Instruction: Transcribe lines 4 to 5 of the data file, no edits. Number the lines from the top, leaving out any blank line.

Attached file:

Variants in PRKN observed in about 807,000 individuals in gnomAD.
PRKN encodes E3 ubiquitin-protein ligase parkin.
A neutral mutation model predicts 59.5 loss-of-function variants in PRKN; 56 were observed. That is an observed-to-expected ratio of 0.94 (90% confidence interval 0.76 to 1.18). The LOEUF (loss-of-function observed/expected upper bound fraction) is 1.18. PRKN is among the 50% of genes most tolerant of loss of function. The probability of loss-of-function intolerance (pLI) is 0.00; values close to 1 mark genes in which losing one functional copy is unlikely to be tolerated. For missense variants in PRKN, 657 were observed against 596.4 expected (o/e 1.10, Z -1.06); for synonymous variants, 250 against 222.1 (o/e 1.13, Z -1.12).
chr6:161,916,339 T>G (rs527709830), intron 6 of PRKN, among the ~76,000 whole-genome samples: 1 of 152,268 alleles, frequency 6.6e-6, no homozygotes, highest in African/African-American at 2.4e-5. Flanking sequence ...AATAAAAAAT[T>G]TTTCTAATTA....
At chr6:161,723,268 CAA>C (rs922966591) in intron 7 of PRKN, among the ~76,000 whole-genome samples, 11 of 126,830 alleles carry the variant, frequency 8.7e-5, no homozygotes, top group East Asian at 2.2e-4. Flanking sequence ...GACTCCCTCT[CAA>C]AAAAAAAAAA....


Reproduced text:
chr6:161,916,339 T>G (rs527709830), intron 6 of PRKN, among the ~76,000 whole-genome samples: 1 of 152,268 alleles, frequency 6.6e-6, no homozygotes, highest in African/African-American at 2.4e-5. Flanking sequence ...AATAAAAAAT[T>G]TTTCTAATTA....
At chr6:161,723,268 CAA>C (rs922966591) in intron 7 of PRKN, among the ~76,000 whole-genome samples, 11 of 126,830 alleles carry the variant, frequency 8.7e-5, no homozygotes, top group East Asian at 2.2e-4. Flanking sequence ...GACTCCCTCT[CAA>C]AAAAAAAAAA....